From: Phil Goetz (firstname.lastname@example.org)
Date: Tue Sep 13 2005 - 09:38:41 MDT
--- Chris Capel <email@example.com> wrote:
> On 9/12/05, Richard Loosemore <firstname.lastname@example.org> wrote:
> > Lastly, you say: "However, I suggest that in an AGI system,
> > reasoning may exist BOTH as a low-level wired-in subsystem AND as a
> > high-level emergent phenomenon, and that these two aspects of logic
> > the AGI system may be coordinated closely together." If it really
> > that, it would (as I understand it) be quite a surprise (to put it
> > mildly) ... CAS systems do not as a rule show that kind of weird
> > reflection, as I said in my earlier posts.
> I'm not sure I can reconcile these two opinions. If you think it's
> feasible to use some sort of logical reasoning, (whether rational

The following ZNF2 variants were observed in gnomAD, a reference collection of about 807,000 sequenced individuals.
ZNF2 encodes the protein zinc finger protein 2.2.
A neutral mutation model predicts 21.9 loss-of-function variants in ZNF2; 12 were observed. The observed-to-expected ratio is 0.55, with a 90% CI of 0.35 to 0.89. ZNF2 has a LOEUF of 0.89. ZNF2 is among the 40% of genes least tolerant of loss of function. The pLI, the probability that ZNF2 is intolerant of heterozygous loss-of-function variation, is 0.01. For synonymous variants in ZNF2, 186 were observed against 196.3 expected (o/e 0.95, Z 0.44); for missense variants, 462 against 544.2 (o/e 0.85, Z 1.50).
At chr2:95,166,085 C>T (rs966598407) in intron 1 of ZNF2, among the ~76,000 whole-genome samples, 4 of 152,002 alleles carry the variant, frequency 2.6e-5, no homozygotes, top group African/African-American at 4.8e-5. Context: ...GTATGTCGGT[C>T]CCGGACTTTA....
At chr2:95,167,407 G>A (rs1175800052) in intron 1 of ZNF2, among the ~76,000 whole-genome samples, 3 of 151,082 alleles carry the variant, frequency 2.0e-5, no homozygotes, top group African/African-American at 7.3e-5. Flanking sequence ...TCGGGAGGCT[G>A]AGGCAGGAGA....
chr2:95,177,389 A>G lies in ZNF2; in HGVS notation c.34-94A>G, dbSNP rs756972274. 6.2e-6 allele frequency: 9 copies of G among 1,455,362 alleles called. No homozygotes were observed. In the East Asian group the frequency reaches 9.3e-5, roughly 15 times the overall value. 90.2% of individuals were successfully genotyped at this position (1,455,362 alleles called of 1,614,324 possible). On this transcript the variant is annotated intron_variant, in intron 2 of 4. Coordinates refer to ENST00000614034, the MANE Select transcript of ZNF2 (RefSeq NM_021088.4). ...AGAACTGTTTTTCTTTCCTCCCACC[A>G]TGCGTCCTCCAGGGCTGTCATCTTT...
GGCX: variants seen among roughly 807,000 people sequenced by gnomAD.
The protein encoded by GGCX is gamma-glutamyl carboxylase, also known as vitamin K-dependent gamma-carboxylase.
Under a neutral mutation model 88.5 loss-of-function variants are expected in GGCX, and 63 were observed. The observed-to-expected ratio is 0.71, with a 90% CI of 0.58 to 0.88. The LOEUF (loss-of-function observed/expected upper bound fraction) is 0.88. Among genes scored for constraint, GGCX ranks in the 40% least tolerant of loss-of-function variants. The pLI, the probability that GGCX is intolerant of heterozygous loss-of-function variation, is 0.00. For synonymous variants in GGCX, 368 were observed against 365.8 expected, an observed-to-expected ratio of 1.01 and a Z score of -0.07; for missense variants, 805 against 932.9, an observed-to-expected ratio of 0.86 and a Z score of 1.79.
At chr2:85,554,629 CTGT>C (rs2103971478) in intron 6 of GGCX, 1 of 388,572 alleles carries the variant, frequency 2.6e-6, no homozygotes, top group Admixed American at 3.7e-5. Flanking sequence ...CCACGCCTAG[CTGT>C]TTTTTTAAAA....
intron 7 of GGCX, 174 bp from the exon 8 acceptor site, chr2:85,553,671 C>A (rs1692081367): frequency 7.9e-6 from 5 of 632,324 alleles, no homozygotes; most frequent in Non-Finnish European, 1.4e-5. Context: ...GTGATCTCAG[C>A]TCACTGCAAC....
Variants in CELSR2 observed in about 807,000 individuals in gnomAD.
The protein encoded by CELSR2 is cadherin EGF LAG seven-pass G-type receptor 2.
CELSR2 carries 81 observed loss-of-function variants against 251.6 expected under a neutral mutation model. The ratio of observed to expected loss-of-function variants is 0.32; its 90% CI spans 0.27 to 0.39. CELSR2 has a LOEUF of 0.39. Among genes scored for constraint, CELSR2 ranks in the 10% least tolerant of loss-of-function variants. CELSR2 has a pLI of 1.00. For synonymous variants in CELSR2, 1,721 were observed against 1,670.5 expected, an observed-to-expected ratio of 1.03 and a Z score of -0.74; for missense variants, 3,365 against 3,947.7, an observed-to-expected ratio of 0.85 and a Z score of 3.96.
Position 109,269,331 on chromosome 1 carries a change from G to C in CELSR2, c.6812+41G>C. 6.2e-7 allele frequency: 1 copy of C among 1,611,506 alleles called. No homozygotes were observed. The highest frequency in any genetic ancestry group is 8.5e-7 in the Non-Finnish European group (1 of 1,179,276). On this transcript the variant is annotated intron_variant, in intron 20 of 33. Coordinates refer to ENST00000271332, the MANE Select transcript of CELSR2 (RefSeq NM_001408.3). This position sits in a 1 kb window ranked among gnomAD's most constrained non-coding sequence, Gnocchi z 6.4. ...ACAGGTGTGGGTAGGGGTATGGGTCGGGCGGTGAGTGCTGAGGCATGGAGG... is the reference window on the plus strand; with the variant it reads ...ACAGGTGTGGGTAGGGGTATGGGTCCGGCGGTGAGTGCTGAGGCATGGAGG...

> probability analysis or something else,) as part of the basic
> substrate of a generally intelligent system, and given that any
> successful AI project would necessarily result with a system that
> *does* exhibit logical reasoning at a high level, how could you find
> it unlikely that a system would combine both features? I probably
> misunderstand you.
I don't think (speaking for Richard :) he's objecting to the two
being in one system. I think he's objecting to the notion that
features of the lower-level logic will be mirrored in the higher-level
logic. I agree; regarding an interaction like that:
- it would be unlikely to appear by chance
- if it did appear by chance, it would suggest
that you hadn't separated levels in your design properly
- if you designed it in, it would make your design a rotten
design from an engineering standpoint.
- Phil Goetz
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